Country Come to Town

By the time y’all read this, your girl here will be well on her way to New York City.

Now I don’t know about the rest of you, but when I travel outside of the South, I feel like I have to be a positive example of the South and Southerners. That means no flip flops, no tank tops, and no college team wear. I feel compelled to dress a little better, walk a little taller, and act a little more sophisticated, although my pronunciation of French menu items will fail me every single time.

I feel compelled to joust with stereotypes.

Of course the minute I open my mouth north of the Mason-Dixon Line, everyone knows I’m not from around there. Not even close. A few weeks ago, Husband and I were in Chicago to visit Sonny Boy, and we went to The Field Museum to see a special exhibit of mummies. We stood in a line for tickets with our fellow spring breakers, people from all over the world speaking I don’t know how many languages, and together we wound through the rope maze for about forty-five minutes inching ever closer to the harried ticket sellers. With every switchback in the line I saw new people who had joined, people different from me saying words that I did not understand.

I watched all of these people file up to the ticket sellers, family by family, couple by couple. I watched the ticket sellers churn out tickets, pass out brochures, and swipe card after card after card. They did this quickly and efficiently, barely even glancing up to see who was standing before them. There was no time for conversation in English or otherwise. The line was out the door.

When we finally got to the ticket booth, I said “Two tickets for the museum including the special exhibit, please.”

And I’ll be damned if the ticket seller didn’t perk right up as a big old grin spread across his face. “Do I detect an accent?” he says.

We had a nice little chat about Alabama. Turns out he has some relatives in Mississippi. My accent sounds like home folks to him. Which just goes to show, the Southern accent brings happiness to everyone.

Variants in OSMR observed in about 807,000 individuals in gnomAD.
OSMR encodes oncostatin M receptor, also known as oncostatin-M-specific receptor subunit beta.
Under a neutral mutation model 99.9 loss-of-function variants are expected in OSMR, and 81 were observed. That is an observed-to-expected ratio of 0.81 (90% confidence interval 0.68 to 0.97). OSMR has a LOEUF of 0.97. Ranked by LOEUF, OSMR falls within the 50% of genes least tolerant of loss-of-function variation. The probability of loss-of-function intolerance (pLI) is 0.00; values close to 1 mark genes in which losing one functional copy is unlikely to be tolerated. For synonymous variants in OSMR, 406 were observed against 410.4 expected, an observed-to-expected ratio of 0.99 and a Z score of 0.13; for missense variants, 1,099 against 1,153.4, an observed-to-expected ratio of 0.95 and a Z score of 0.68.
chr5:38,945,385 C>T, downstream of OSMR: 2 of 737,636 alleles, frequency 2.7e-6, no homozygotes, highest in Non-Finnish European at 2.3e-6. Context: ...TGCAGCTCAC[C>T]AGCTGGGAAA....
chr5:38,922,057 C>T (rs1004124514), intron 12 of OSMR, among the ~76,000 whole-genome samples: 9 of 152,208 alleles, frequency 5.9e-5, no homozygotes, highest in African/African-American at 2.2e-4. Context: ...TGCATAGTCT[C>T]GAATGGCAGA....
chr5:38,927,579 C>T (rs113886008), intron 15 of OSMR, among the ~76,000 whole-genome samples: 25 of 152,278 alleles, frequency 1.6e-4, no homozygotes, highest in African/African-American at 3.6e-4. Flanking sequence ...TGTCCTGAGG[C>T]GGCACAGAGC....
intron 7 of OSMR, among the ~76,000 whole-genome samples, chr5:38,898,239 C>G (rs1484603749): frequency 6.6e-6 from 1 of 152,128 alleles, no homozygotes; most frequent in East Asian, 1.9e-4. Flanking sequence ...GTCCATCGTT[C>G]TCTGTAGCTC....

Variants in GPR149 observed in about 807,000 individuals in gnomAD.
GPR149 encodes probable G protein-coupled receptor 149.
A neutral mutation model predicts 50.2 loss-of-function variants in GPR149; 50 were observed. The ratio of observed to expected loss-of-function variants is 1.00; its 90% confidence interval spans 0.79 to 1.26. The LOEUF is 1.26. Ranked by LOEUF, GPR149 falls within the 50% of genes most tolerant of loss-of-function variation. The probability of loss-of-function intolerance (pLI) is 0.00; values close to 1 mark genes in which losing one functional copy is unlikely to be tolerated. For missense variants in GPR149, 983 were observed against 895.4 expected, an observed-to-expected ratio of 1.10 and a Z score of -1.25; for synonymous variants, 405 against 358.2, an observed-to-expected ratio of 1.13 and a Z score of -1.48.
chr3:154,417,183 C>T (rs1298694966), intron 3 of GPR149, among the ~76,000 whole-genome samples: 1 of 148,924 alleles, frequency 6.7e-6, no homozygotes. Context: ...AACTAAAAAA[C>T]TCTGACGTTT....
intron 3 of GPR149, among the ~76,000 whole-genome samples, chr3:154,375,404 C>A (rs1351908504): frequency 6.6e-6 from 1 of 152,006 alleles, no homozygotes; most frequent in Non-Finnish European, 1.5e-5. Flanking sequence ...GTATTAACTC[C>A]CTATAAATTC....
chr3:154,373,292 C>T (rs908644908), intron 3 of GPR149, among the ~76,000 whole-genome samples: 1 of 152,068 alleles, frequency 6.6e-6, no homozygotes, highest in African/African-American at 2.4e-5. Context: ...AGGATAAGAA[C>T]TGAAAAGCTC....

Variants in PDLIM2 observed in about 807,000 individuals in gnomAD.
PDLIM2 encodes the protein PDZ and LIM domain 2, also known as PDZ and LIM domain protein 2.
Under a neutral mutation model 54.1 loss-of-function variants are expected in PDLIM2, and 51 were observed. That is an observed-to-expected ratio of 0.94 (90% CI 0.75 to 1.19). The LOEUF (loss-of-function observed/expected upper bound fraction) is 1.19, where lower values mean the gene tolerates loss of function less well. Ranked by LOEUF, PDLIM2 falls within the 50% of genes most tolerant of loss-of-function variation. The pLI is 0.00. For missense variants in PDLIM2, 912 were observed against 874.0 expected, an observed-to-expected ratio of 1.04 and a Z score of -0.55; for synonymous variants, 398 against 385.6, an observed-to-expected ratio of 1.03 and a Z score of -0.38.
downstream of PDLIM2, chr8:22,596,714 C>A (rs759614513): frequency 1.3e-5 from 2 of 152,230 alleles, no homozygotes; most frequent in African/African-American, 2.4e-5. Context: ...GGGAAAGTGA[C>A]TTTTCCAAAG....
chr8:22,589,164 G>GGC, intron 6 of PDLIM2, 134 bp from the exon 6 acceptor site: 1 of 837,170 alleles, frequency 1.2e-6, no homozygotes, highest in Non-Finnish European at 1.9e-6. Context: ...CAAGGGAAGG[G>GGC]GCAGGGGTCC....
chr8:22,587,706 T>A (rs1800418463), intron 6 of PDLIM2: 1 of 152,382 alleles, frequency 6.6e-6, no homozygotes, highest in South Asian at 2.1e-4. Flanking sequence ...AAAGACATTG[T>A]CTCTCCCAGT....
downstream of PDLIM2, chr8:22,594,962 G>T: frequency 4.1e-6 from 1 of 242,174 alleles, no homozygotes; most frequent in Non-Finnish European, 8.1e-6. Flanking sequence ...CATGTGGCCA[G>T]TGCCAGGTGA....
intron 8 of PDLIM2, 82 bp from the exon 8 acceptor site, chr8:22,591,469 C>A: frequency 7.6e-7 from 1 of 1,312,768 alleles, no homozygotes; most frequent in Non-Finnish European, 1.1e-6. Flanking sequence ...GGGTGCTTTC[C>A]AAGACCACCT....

But back to New York. Sonny Boy and I are on our way. We dress in nice clothes to fly even when we are at the airport at 4:30 in the morning like we were today. No pajamas and yoga pants for us. No. Sirree! Because when we do get off the plane at LaGuardia, I don’t want us rolling off the plane looking like a pair of rubes.

While the Southern accent brings joy to most people, I think it also brings judgement to us whether we deserve it or not. That’s why we have to be a little extra — extra smart, extra well-dressed, extra-well-spoken even if it is with a drawl. Just,  you know, extra.

Now you might be saying, “Hell with them Yankees and what they think. If I want to wear my Bama tube top and cutoffs and flip flops, by golly I will!” And that’s fine. But I’m not playing into what people think we’re like. I’m going to change their thinking, not feed it.

But I’ve rambled on too long here about accents and stereotypes and buried the lede (or lead … I understand either is acceptable these days!), as they say in journalism.

The reason your girl is going to The Big Apple is because my new book, They Call Me Orange Juice, is going to be on display at Archway Publishing’s booth at BookExpo 2018 which will be held at the Javits Center!! Now I’d be a bald-faced liar (or is it bold-faced?) if I said I wasn’t both excited as can be and as nervous as a long-tailed cat in a room full of rocking chairs. It’s only the biggest event of the year where booksellers go to network with publishers from all over the world, emerging authors, and industry leaders.

And this little old gal from Citronelle, Ala., will be right there in the middle of it. That just blows my mind. Seriously.

Like a good Virgo, I’ve obsessed over every detail of what to wear, what to bring, and what to say depending on whom I meet. One wants to stand out from the crowd in a good, professional way, not in a country come to town way. One wants to sound intelligent, but not condescending. One wants to sell books and one’s talent, but not appear desperate. One wants to be taken seriously.

At least that’s what I think because I’m one who’s never been there before. And that’s why making a good impression for the South and Southerners is on my mind today. I want to represent us well.

The biggest day of the Expo will be this coming Thursday, so I won’t be posting a blog, but I’ll try to post on social media. You can follow along on Instagram at @theycallmeorangejuice, and if we’re Facebook friends, I’ll be there too.

Y’all be thinking about me, and I’ll tell you all about it when I get back!

Photo credit: Dorian Mongel on Unsplash

7 thoughts on “Country Come to Town

  1. REPRESENT, Little Cousin!!  So proud of you!!! Have BIG FUN taking a bite out of the BIG APPLE!! Love,AngieXO

  2. Audrey,
    You and your book are both AMAZING!! You are going to take NYC by storm!! Best of luck, Von

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